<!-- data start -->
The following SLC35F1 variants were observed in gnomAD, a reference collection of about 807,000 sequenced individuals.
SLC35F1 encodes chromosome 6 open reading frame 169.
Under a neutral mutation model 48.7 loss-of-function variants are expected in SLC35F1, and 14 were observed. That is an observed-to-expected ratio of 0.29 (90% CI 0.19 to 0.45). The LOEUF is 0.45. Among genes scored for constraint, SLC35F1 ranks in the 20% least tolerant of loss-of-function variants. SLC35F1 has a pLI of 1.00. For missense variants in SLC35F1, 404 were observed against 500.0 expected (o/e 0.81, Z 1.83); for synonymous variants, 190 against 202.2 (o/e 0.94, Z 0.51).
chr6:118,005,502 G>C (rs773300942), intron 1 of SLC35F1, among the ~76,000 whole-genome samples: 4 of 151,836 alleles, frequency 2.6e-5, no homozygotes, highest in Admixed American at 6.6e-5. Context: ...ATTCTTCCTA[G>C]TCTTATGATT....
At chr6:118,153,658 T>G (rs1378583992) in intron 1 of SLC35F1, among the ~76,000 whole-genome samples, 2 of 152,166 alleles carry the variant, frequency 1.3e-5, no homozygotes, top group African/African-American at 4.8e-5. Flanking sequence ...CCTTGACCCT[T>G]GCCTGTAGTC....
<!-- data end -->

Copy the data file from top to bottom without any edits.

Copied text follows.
The following SLC35F1 variants were observed in gnomAD, a reference collection of about 807,000 sequenced individuals.
SLC35F1 encodes chromosome 6 open reading frame 169.
Under a neutral mutation model 48.7 loss-of-function variants are expected in SLC35F1, and 14 were observed. That is an observed-to-expected ratio of 0.29 (90% CI 0.19 to 0.45). The LOEUF is 0.45. Among genes scored for constraint, SLC35F1 ranks in the 20% least tolerant of loss-of-function variants. SLC35F1 has a pLI of 1.00. For missense variants in SLC35F1, 404 were observed against 500.0 expected (o/e 0.81, Z 1.83); for synonymous variants, 190 against 202.2 (o/e 0.94, Z 0.51).
chr6:118,005,502 G>C (rs773300942), intron 1 of SLC35F1, among the ~76,000 whole-genome samples: 4 of 151,836 alleles, frequency 2.6e-5, no homozygotes, highest in Admixed American at 6.6e-5. Context: ...ATTCTTCCTA[G>C]TCTTATGATT....
At chr6:118,153,658 T>G (rs1378583992) in intron 1 of SLC35F1, among the ~76,000 whole-genome samples, 2 of 152,166 alleles carry the variant, frequency 1.3e-5, no homozygotes, top group African/African-American at 4.8e-5. Flanking sequence ...CCTTGACCCT[T>G]GCCTGTAGTC....